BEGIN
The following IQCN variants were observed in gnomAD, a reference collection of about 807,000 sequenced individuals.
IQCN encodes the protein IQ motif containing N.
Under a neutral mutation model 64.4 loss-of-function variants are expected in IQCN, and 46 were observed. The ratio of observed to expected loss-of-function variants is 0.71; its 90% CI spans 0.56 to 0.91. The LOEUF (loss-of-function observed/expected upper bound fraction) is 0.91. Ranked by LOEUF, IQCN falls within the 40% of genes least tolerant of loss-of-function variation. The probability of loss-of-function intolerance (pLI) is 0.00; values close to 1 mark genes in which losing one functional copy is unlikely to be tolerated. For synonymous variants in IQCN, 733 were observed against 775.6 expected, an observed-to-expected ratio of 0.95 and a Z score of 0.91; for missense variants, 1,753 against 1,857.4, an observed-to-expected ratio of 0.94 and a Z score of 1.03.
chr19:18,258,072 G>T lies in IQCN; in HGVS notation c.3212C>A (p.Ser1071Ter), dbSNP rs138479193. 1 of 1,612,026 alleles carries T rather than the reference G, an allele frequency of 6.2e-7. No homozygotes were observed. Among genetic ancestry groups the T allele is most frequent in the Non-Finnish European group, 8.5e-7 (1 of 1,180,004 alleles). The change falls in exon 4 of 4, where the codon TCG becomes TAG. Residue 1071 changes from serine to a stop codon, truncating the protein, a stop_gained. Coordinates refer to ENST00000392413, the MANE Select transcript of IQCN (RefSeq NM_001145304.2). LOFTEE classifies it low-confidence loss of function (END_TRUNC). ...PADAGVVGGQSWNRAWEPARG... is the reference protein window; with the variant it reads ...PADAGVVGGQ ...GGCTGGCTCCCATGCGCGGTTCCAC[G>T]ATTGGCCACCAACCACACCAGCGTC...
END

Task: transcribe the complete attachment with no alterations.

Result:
The following IQCN variants were observed in gnomAD, a reference collection of about 807,000 sequenced individuals.
IQCN encodes the protein IQ motif containing N.
Under a neutral mutation model 64.4 loss-of-function variants are expected in IQCN, and 46 were observed. The ratio of observed to expected loss-of-function variants is 0.71; its 90% CI spans 0.56 to 0.91. The LOEUF (loss-of-function observed/expected upper bound fraction) is 0.91. Ranked by LOEUF, IQCN falls within the 40% of genes least tolerant of loss-of-function variation. The probability of loss-of-function intolerance (pLI) is 0.00; values close to 1 mark genes in which losing one functional copy is unlikely to be tolerated. For synonymous variants in IQCN, 733 were observed against 775.6 expected, an observed-to-expected ratio of 0.95 and a Z score of 0.91; for missense variants, 1,753 against 1,857.4, an observed-to-expected ratio of 0.94 and a Z score of 1.03.
chr19:18,258,072 G>T lies in IQCN; in HGVS notation c.3212C>A (p.Ser1071Ter), dbSNP rs138479193. 1 of 1,612,026 alleles carries T rather than the reference G, an allele frequency of 6.2e-7. No homozygotes were observed. Among genetic ancestry groups the T allele is most frequent in the Non-Finnish European group, 8.5e-7 (1 of 1,180,004 alleles). The change falls in exon 4 of 4, where the codon TCG becomes TAG. Residue 1071 changes from serine to a stop codon, truncating the protein, a stop_gained. Coordinates refer to ENST00000392413, the MANE Select transcript of IQCN (RefSeq NM_001145304.2). LOFTEE classifies it low-confidence loss of function (END_TRUNC). ...PADAGVVGGQSWNRAWEPARG... is the reference protein window; with the variant it reads ...PADAGVVGGQ ...GGCTGGCTCCCATGCGCGGTTCCAC[G>T]ATTGGCCACCAACCACACCAGCGTC...